Why Being Stuck In The Past Is Worse Than Getting Older

Image via Unsplash/Caleb George Morris

Do you ever wonder why people who have actually lived for a while—say even for just 50 or 60 years—don’t worry about getting older. Its not because the prior group is already old that aging isn’t a stressor for them. (Calling a 50-something old is just rude, anyway.) On the contrary, older people are privy to a secret that the younger generations are hesitant to accept: The life ahead isn’t what ages you, but rather, it’s the refusal to leave the past behind. The truth is that life only moves in one direction: Forward. Getting older is inevitable, but aging is the one choice we do have as time propels us forward. Older people don’t fear getting older because they know the one thing that makes all the difference: Being stuck in the past is worse than getting older… and here’s why:

You’ll Miss Your Future By Missing The Past

Memories are double-edged swords—there’s no lie about that. The bad ones hurt, and the good ones hurt—if you let them. Ask anyone who is blissfully happy if regret has any place in their lives, and they’ll tell you no. That’s because regret—the chronic kind, at least— is the antithesis of happiness; literally, it’s dictionary definition is to feel sad about something that has already happened. Allowing regret to gouge out a permanent hole in your heart is a guaranteed one-way ticket to a state of unhappiness, and life will pass you by unnoticed until you wake up one day realizing the lost time. What will you have to face then? More regret. You can’t change the past or the things that have happened in it, but it’s your choice to make whether it will also rule your future. You don’t have to forget about the past, but you can forgive it and move on with your life.

On the other hand, sometimes life is so good to us that when those joyous moments pass, we find ourselves yearning to live them again. Alas, no one has invented the mythical time machine, so there’s no way to relive the good times of yesteryear. Yet, the silver lining of this dismal truth is that the future only holds endless opportunities to create more fulfilling memories to go in the scrapbook of your life. Getting stuck in the past with your memories is like going back in time but not being able to participate in it. The beauty of the future—and getting older—is that your participation is always welcome, wanted and warranted.

Age Is Just A Number

Sure, it’s scary to think that time is ticking away, but the idea that it’s “running out” is a figment of our fear that we don’t have enough of it. Time is cyclical, never ending and even arguably nonexistent in some sense. We think of time in increments: Seconds, minutes, hours, days, years—but what does it really matter? Time only lends to age because we say it does. Only people, as a collective group, have decided that age is a significant marker in the course of someone’s life. At 16, you drive; at 18, you vote; at 21, you drink; at 25, you [should] have a solid career; at 30, you [should] have a partner. Who decided all this? Who created all these milestones and paired them up to these numbers? Not time, certainly not age itself—no, we are literally the culprits of our own emotional demise.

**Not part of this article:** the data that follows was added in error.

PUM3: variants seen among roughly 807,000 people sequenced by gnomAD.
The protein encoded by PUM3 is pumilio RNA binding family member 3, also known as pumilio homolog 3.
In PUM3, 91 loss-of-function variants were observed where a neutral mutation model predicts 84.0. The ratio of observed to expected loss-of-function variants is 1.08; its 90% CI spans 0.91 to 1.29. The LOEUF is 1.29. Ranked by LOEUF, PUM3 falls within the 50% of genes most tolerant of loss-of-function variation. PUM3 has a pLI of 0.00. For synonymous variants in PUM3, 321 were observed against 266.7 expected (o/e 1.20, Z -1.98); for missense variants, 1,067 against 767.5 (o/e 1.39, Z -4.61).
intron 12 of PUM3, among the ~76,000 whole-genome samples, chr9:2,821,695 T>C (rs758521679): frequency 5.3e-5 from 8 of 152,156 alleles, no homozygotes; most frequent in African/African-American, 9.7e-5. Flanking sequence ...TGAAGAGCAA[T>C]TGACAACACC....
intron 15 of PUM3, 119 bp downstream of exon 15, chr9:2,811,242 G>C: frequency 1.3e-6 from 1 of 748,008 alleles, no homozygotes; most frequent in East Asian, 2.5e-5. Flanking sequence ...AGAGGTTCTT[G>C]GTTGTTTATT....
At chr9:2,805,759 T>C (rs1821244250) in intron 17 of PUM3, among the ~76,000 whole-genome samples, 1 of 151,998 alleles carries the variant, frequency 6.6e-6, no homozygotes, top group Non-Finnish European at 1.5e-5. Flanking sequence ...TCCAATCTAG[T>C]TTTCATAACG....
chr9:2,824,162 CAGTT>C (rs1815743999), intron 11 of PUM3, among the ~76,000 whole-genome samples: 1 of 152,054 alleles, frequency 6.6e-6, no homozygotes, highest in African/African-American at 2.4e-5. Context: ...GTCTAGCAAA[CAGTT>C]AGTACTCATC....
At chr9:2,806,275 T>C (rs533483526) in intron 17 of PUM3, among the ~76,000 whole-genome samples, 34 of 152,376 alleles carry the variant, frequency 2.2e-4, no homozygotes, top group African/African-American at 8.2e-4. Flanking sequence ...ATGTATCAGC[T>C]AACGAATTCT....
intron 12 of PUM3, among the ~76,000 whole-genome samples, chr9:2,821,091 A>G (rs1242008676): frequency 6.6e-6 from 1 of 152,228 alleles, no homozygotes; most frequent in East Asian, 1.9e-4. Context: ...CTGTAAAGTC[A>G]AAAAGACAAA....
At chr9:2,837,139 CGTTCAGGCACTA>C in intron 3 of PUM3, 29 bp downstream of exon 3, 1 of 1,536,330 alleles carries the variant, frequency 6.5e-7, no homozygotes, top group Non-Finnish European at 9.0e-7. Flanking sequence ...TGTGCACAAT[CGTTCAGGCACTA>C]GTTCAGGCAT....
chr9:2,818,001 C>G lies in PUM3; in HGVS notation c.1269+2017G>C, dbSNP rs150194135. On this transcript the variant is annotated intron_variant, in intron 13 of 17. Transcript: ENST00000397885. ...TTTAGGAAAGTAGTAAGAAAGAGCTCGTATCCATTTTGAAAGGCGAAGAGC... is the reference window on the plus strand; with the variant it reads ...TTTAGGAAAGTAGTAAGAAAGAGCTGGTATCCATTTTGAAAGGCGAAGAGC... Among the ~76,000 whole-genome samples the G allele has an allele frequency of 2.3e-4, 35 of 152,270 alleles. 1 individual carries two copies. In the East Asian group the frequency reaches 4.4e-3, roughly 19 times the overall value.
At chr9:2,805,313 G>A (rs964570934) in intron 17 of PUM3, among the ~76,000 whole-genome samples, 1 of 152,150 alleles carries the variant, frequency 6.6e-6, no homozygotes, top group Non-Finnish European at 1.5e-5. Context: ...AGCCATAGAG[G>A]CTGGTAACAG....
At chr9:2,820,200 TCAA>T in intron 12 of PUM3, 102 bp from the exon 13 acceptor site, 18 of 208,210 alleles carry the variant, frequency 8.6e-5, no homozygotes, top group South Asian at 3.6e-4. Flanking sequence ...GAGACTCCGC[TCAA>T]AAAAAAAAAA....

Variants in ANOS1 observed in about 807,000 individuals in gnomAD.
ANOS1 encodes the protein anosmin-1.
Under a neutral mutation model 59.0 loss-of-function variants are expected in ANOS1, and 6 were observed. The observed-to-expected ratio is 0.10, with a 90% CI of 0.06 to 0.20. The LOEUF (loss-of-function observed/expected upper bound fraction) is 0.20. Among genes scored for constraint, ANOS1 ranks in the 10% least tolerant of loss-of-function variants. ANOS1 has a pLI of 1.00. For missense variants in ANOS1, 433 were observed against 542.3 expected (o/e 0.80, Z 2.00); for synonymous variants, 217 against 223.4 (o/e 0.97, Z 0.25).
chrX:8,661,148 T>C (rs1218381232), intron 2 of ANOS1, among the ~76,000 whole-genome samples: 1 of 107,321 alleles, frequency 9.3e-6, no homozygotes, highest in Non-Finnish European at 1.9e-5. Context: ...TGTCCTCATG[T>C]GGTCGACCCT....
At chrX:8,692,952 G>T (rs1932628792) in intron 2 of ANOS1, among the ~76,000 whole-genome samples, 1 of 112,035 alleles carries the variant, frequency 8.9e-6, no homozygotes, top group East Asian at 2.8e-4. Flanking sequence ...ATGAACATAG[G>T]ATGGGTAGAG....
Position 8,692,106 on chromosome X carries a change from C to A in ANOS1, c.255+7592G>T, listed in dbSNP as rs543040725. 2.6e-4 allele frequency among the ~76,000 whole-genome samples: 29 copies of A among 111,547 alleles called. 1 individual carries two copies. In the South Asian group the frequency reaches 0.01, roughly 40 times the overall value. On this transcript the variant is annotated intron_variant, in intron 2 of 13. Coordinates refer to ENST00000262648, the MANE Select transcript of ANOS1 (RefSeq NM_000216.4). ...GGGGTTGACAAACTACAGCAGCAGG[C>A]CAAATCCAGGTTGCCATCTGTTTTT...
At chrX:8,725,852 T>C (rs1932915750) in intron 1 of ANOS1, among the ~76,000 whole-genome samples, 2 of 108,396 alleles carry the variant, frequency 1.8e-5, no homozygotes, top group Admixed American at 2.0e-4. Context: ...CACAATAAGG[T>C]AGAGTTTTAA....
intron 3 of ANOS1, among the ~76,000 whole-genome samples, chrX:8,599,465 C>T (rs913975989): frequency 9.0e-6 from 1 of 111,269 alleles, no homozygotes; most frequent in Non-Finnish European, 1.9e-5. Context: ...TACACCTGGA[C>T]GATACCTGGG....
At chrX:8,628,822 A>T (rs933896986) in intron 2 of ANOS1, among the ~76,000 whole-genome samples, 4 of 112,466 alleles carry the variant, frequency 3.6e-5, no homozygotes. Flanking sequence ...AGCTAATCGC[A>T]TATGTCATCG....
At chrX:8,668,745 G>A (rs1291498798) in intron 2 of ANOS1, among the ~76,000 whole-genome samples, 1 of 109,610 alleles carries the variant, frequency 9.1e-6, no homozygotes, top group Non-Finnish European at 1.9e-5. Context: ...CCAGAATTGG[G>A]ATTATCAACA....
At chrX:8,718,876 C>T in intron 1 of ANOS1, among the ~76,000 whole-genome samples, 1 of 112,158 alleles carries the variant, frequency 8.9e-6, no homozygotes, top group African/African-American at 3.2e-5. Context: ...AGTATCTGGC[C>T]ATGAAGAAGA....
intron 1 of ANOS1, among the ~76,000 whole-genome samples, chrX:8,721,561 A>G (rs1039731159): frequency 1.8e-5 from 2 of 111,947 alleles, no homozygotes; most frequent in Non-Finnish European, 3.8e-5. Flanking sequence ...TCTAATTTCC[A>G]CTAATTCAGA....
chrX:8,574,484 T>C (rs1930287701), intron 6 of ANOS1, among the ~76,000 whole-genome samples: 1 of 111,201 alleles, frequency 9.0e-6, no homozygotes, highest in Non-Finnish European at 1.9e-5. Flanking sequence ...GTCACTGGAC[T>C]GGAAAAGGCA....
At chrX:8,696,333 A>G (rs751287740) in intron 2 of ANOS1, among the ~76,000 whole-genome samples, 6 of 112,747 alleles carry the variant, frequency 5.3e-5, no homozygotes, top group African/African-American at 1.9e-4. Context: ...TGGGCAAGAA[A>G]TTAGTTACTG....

A lifespan is linear, yes, but over time people have created such strict markers for all humankind that they have consequently and unnecessarily created a deathly fear of getting older. We riddle our minds with nonsensical scenarios and rhetorical questions that lend no purpose nor benefit. We ask ourselves things, like: What happens if I haven’t done this by this age? What happens if I don’t get to do this by this age? What happens if I wake up one day this old and it’s too late? But there’s no point in stressing about a number that really only makes a difference when setting laws and regulations (and when making sure you’re not cougar-ing it up when prowling for a hottie). Life is what you make of it, and age can either scare you from living it or remind you to enjoy as much as you have of it. Because remember: Time and life have both existed before you were born and will continue on long after you die—so better live it now.

Getting Older Offers Perspective

The singularly best thing about getting older is that perspective becomes your new best friend. As we move through life and experience successes, failures, love and heartbreak, we gradually begin to gain new perspectives previously unbeknownst to us before. We realize that every good comes with a bad, and even bad times lead to good ones, and these individual, diverse experiences eventually lend to certain wisdom that can only come with age. Living in the past means never growing, never evolving, never being able to look at yourself in the mirror and say, “I am proud of who I was and who I’ve become today.” And that’s something you can and will learn to do when as you age because of the perspective you’ll have gained from living life every single day.

Ultimately perspective is about learning to be happy; to be grateful; to be strong; and to be wise. But you’ve got to get older to have it, and that’s reason in itself to face forward and leave the past where it belongs: behind.